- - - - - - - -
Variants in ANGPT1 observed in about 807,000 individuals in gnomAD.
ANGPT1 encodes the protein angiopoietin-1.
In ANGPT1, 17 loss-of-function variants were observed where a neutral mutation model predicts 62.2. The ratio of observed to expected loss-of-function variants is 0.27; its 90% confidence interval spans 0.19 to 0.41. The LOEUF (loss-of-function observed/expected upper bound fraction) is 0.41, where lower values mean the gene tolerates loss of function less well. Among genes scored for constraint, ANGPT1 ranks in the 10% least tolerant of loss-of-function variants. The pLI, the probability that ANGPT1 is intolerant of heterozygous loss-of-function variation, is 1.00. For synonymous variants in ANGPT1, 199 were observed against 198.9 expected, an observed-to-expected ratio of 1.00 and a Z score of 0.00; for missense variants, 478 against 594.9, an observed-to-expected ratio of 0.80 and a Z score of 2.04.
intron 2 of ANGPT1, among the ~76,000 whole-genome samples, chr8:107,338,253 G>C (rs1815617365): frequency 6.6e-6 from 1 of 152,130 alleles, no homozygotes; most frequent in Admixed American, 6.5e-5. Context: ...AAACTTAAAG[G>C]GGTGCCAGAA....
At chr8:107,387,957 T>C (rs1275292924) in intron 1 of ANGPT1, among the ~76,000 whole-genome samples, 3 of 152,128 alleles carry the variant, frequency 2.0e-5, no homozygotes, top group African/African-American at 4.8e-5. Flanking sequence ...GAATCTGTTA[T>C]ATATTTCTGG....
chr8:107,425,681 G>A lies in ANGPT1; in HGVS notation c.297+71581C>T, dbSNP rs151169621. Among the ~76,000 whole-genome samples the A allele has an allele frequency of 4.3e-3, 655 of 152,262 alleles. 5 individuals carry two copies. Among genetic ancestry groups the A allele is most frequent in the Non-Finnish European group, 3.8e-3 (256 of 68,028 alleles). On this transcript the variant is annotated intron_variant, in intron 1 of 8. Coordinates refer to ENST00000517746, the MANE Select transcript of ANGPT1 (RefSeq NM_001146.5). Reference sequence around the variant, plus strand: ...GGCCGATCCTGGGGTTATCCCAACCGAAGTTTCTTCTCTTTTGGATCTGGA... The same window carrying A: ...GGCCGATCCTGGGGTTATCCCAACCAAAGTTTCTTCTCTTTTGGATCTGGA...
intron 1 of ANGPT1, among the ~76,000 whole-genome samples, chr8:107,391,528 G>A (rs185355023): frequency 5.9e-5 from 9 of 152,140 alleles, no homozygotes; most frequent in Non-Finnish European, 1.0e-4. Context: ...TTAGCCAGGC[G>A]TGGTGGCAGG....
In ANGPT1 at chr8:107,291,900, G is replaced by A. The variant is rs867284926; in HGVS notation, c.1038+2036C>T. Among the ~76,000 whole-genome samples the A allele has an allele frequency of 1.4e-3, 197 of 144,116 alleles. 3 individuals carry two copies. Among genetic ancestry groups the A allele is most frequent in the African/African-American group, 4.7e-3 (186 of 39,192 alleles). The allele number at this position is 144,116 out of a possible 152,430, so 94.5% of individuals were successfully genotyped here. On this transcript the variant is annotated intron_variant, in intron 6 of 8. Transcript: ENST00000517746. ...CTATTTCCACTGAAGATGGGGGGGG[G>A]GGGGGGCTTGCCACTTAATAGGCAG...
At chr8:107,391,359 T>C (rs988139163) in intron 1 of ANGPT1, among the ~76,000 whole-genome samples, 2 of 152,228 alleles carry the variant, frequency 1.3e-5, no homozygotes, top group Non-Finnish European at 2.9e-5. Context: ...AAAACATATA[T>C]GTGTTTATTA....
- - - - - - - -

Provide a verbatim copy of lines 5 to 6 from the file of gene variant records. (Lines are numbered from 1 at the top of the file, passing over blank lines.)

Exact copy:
At chr8:107,387,957 T>C (rs1275292924) in intron 1 of ANGPT1, among the ~76,000 whole-genome samples, 3 of 152,128 alleles carry the variant, frequency 2.0e-5, no homozygotes, top group African/African-American at 4.8e-5. Flanking sequence ...GAATCTGTTA[T>C]ATATTTCTGG....
chr8:107,425,681 G>A lies in ANGPT1; in HGVS notation c.297+71581C>T, dbSNP rs151169621. Among the ~76,000 whole-genome samples the A allele has an allele frequency of 4.3e-3, 655 of 152,262 alleles. 5 individuals carry two copies. Among genetic ancestry groups the A allele is most frequent in the Non-Finnish European group, 3.8e-3 (256 of 68,028 alleles). On this transcript the variant is annotated intron_variant, in intron 1 of 8. Coordinates refer to ENST00000517746, the MANE Select transcript of ANGPT1 (RefSeq NM_001146.5). Reference sequence around the variant, plus strand: ...GGCCGATCCTGGGGTTATCCCAACCGAAGTTTCTTCTCTTTTGGATCTGGA... The same window carrying A: ...GGCCGATCCTGGGGTTATCCCAACCAAAGTTTCTTCTCTTTTGGATCTGGA...